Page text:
Event Title

Ceramic Water Purification

Session Number

Project ID: ENVR 1

Advisor(s)

Dr. Mark Carlson; Illinois Mathematics and Science Academy

Discipline

Environmental Science

Start Date

22-4-2020 10:25 AM

End Date

22-4-2020 10:40 AM

Abstract

Many people in the developing world have no option but to drink from contaminated sources that potentially contain waterborne illnesses which are the cause of 3.4 million deaths per year. The goal of this project is to create ceramic filters that can filter at least two liters per hour and have a bacteria kill rate of 99%. Filters are made to be fitted on to the end of a PVC pipe. Filters of varying mixtures of terracotta clay and sawdust are fired and then painted with silver nanoparticles. The flow rate and kill rate of the filters are measured with an E. Coli solution. Our results reveal that there are trade-offs between the flow rate and kill rate of different filter dimensions. More data is needed to optimize our design, but the best filter thus far was 1.3cm thick (after firing) with a flow rate of 1.85 L/hour (extrapolated from the time taken to filter 100mL) and a kill rate of 99%. Regarding composition, the most effective ratio of sawdust to clay so far has been 1:1. Work is ongoing to consistently meet our desired parameters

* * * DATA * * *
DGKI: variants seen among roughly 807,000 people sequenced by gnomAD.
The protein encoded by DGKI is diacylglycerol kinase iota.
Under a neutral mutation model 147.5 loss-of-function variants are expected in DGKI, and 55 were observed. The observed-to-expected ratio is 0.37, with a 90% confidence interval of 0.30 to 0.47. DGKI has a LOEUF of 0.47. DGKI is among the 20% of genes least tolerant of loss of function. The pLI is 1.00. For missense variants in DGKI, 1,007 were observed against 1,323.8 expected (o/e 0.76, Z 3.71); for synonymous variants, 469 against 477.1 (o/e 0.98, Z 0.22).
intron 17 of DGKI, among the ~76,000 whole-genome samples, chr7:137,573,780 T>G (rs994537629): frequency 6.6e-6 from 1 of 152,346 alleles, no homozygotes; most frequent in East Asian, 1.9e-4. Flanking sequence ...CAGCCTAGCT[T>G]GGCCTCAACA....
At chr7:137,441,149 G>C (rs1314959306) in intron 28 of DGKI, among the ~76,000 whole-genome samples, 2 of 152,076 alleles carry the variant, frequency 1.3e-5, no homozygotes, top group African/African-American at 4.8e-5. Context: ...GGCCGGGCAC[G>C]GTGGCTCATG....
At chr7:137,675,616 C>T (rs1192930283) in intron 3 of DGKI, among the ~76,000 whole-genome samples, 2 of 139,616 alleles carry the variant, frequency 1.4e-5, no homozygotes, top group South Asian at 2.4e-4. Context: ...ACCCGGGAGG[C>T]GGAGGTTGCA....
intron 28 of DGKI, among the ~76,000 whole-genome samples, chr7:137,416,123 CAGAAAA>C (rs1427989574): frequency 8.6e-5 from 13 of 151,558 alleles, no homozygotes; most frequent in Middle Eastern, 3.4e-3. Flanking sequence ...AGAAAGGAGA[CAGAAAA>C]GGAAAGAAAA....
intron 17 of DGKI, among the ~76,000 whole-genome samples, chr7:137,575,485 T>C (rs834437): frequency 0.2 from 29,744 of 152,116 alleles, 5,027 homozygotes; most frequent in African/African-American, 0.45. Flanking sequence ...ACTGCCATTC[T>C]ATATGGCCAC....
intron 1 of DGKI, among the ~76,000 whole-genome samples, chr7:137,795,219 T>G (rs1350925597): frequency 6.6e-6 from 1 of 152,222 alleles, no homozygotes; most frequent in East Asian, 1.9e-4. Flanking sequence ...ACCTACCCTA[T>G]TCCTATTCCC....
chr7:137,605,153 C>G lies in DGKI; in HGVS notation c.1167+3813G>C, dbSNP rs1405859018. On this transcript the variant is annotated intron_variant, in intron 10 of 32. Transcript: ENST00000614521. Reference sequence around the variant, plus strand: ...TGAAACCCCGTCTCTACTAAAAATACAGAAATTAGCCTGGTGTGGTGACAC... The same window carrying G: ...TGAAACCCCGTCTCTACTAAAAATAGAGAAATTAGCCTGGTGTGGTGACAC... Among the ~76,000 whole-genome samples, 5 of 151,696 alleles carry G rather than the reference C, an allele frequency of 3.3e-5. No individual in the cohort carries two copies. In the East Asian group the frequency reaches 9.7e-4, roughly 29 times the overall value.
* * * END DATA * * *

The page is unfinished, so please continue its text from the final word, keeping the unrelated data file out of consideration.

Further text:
Share

COinS
 
Apr 22nd, 10:25 AM Apr 22nd, 10:40 AM

Ceramic Water Purification

Many people in the developing world have no option but to drink from contaminated sources that potentially contain waterborne illnesses which are the cause of 3.4 million deaths per year. The goal of this project is to create ceramic filters that can filter at least two liters per hour and have a bacteria kill rate of 99%. Filters are made to be fitted on to the end of a PVC pipe. Filters of varying mixtures of terracotta clay and sawdust are fired and then painted with silver nanoparticles. The flow rate and kill rate of the filters are measured with an E. Coli solution. Our results reveal that there are trade-offs between the flow rate and kill rate of different filter dimensions. More data is needed to optimize our design, but the best filter thus far was 1.3cm thick (after firing) with a flow rate of 1.85 L/hour (extrapolated from the time taken to filter 100mL) and a kill rate of 99%. Regarding composition, the most effective ratio of sawdust to clay so far has been 1:1. Work is ongoing to consistently meet our desired parameters